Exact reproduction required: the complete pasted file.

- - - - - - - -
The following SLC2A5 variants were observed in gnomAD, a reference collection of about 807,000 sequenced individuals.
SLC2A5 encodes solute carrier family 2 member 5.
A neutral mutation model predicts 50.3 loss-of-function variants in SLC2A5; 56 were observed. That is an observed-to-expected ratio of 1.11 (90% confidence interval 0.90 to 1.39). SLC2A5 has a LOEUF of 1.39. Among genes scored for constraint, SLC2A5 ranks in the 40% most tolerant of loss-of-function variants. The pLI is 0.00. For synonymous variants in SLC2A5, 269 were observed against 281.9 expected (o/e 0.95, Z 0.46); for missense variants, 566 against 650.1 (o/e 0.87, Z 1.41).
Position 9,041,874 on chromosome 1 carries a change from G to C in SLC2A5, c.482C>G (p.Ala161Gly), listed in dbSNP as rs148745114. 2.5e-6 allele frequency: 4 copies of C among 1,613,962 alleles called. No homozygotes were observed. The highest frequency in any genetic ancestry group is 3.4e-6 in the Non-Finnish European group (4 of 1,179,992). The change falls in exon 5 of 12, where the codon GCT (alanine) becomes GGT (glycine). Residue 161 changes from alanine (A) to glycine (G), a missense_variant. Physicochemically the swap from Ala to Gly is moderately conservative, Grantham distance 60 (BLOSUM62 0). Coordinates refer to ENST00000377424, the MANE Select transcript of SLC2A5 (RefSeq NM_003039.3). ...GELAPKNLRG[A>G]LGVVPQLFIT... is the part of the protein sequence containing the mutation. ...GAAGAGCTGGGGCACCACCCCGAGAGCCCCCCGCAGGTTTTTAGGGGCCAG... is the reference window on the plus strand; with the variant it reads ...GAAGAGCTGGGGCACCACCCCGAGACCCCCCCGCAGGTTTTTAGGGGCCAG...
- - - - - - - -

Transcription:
The following SLC2A5 variants were observed in gnomAD, a reference collection of about 807,000 sequenced individuals.
SLC2A5 encodes solute carrier family 2 member 5.
A neutral mutation model predicts 50.3 loss-of-function variants in SLC2A5; 56 were observed. That is an observed-to-expected ratio of 1.11 (90% confidence interval 0.90 to 1.39). SLC2A5 has a LOEUF of 1.39. Among genes scored for constraint, SLC2A5 ranks in the 40% most tolerant of loss-of-function variants. The pLI is 0.00. For synonymous variants in SLC2A5, 269 were observed against 281.9 expected (o/e 0.95, Z 0.46); for missense variants, 566 against 650.1 (o/e 0.87, Z 1.41).
Position 9,041,874 on chromosome 1 carries a change from G to C in SLC2A5, c.482C>G (p.Ala161Gly), listed in dbSNP as rs148745114. 2.5e-6 allele frequency: 4 copies of C among 1,613,962 alleles called. No homozygotes were observed. The highest frequency in any genetic ancestry group is 3.4e-6 in the Non-Finnish European group (4 of 1,179,992). The change falls in exon 5 of 12, where the codon GCT (alanine) becomes GGT (glycine). Residue 161 changes from alanine (A) to glycine (G), a missense_variant. Physicochemically the swap from Ala to Gly is moderately conservative, Grantham distance 60 (BLOSUM62 0). Coordinates refer to ENST00000377424, the MANE Select transcript of SLC2A5 (RefSeq NM_003039.3). ...GELAPKNLRG[A>G]LGVVPQLFIT... is the part of the protein sequence containing the mutation. ...GAAGAGCTGGGGCACCACCCCGAGAGCCCCCCGCAGGTTTTTAGGGGCCAG... is the reference window on the plus strand; with the variant it reads ...GAAGAGCTGGGGCACCACCCCGAGACCCCCCCGCAGGTTTTTAGGGGCCAG...